Job security, health and education are the top federal election issues for women voters, according to a national survey of more than 1100 women released by the ACTU today.

The Checklist for Women Voters asked women to nominate the top three priorities that a government could act upon to make it easier to balance paid work and family life. Women were most concerned about job security (45% of respondents), the provision of health, aged care and community services (39%) and quality education (38%). Equal pay for women (32%), family-friendly work policies (28%) and affordable child care (26%) were the next most important election issues.

When asked to nominate any other issues of concern, 24% of women nominated workplace and job security issues including lack of promotion, the need for flexible hours, job sharing, sub-standard casual and part-time employment conditions and inadequate redundancy and superannuation entitlements.

Releasing the survey results in Perth, ACTU President Sharan Burrow said women would judge the major political parties on whether their policies helped balance work and family.

“Women have been telling us for some time that they are angry at the impact of the Government’s policies on themselves and their families. Full-time jobs are being replaced by part-time and casual work, and women are the great losers. The statistics tell the story for women – 150,000 full-time jobs disappeared in four months recently, and two-thirds of those were women’s jobs.

“Australia has the highest proportion of women – 72 per cent – employed in part-time work of any Western nation except the Netherlands. This not good enough. Women are saying they expect governments to play a role in job creation and job retention. Politicians who do not act on jobs deserve to lose their own jobs.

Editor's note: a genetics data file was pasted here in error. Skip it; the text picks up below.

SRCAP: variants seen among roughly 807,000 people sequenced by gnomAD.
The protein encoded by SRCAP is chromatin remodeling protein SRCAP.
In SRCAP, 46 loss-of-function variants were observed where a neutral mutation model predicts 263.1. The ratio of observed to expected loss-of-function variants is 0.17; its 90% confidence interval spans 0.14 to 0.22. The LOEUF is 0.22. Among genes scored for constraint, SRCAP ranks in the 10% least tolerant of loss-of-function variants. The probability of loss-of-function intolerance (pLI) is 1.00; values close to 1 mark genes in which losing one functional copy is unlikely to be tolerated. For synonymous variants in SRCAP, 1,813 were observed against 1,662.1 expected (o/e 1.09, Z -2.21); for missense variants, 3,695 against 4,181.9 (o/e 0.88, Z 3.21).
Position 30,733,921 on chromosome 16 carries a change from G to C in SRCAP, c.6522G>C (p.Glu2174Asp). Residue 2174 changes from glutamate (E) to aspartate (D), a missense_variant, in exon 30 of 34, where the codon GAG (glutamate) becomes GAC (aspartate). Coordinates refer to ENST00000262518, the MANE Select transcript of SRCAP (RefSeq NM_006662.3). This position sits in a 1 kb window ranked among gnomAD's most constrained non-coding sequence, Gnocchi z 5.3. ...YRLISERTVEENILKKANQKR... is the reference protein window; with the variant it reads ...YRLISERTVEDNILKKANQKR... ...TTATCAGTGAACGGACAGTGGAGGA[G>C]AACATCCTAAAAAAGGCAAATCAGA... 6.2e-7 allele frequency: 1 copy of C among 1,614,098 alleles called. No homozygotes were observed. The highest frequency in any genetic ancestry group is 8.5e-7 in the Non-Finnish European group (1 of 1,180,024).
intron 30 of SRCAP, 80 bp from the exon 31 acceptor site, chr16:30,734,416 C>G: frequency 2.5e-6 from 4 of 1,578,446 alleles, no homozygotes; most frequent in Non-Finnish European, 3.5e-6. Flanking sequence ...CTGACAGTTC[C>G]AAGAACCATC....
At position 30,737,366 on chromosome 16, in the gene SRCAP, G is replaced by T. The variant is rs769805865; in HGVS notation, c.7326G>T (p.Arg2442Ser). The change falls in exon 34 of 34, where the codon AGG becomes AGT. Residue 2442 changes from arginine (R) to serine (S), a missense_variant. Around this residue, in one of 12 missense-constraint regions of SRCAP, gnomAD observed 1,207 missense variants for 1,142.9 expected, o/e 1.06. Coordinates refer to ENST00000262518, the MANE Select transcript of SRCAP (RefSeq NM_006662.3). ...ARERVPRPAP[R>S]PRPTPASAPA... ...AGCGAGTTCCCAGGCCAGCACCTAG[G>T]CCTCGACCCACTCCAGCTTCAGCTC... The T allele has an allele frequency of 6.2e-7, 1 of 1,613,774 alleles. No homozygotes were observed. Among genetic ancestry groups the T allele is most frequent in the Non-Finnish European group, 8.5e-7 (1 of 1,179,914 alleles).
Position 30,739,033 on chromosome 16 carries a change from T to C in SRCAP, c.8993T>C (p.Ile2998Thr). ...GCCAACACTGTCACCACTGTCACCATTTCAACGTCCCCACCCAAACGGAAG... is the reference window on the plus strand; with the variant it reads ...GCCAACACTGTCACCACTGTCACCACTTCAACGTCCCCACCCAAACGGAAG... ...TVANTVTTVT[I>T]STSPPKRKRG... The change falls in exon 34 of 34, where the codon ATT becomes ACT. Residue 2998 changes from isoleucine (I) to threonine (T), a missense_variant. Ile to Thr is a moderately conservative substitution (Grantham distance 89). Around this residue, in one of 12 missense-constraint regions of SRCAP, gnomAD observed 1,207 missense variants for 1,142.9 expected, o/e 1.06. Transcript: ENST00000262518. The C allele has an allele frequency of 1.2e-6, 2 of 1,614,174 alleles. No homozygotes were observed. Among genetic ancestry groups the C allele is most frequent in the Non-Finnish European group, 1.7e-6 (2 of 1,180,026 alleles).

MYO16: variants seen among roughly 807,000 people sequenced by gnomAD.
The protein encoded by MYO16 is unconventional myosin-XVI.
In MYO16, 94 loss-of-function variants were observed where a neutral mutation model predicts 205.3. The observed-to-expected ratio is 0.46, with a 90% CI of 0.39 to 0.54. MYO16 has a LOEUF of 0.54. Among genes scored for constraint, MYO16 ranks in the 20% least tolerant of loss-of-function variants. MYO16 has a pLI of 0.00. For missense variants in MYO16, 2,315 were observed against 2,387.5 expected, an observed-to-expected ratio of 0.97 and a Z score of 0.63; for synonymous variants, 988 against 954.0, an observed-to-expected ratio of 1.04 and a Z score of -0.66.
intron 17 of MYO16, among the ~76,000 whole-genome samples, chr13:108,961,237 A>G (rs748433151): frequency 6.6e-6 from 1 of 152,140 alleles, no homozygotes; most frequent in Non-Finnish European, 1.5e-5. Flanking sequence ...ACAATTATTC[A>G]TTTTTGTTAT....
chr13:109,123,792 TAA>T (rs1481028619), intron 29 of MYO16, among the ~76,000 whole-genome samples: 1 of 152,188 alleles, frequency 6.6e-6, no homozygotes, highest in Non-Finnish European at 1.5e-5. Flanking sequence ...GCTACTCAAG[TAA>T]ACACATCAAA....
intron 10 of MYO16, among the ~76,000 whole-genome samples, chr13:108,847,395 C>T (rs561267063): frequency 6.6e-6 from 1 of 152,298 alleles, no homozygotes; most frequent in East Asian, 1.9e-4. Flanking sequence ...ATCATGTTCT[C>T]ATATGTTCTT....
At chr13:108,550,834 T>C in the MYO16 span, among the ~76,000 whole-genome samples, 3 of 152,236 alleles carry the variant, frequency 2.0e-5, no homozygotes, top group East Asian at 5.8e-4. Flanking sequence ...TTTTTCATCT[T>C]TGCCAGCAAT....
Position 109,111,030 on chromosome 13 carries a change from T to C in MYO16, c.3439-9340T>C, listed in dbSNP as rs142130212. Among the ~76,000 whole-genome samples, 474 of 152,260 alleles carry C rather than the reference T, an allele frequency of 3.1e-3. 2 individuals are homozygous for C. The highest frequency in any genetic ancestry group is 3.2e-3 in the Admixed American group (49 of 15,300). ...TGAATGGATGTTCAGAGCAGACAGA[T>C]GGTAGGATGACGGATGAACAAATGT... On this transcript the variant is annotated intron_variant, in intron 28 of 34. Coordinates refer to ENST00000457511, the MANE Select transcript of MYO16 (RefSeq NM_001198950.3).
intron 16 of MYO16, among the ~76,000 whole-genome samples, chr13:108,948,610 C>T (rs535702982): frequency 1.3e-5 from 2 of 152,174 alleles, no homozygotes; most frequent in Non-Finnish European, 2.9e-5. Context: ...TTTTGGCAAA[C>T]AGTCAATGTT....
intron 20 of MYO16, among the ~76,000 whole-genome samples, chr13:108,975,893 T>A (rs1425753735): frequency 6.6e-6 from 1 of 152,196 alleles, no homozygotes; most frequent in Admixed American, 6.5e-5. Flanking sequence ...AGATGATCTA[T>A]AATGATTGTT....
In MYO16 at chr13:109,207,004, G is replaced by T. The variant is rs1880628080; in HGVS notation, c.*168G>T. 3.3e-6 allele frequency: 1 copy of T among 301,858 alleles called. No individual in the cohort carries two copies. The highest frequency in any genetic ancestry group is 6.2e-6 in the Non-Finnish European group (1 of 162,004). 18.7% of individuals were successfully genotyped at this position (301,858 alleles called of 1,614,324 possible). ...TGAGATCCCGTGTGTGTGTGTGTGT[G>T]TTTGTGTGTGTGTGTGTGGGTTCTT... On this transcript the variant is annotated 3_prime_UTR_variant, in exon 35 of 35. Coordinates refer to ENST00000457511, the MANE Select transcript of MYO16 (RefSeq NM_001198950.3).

“Life is hard for working women and it doesn’t have to be. Most women don’t have access to paid maternity leave, a woman’s average weekly wage is $166 lower than a man’s, women work high rates of unpaid overtime, and cuts to child care funding have made work and family a real juggling act.”

Ms Burrow said she was overwhelmed by the response to the survey, which is the first conducted by the ACTU using a combination of email, fax and website technologies.

“We had 400 email responses in one day. These women didn’t just answer a telephone call from a paid survey worker, they filled in a form and faxed, posted or emailed it to us. They are concerned enough to take action.”


Sample: Email, fax and mail responses from 1186 women between March and September 2001.

Question: Later this year Australians will vote for the political party that will govern us for the next three years. Unions want to hear from women about their top priorities for the federal election. The results of this survey will be used to highlight the needs of working women in an election year. The ACTU Women’s Committee has developed a checklist for women voters which was launched on International Women’s Day. We want women to identify the most important issues a government could act upon to make it easier to balance paid work and family life. To nominate your three priorities please choose from the list of 10 below that you consider the most important for the next federal election:

Issue Responses

Job security 537
High quality health, housing, aged care and other community services 460
Equal access to quality, fully funded education and training opportunities 446
Equal pay 375
Family friendly workplaces 331
Affordable and accessible child care 306
Fair workplace laws 303
More control over working hours 299
Pay increases for low-paid workers 247
Family leave/paid maternity leave 200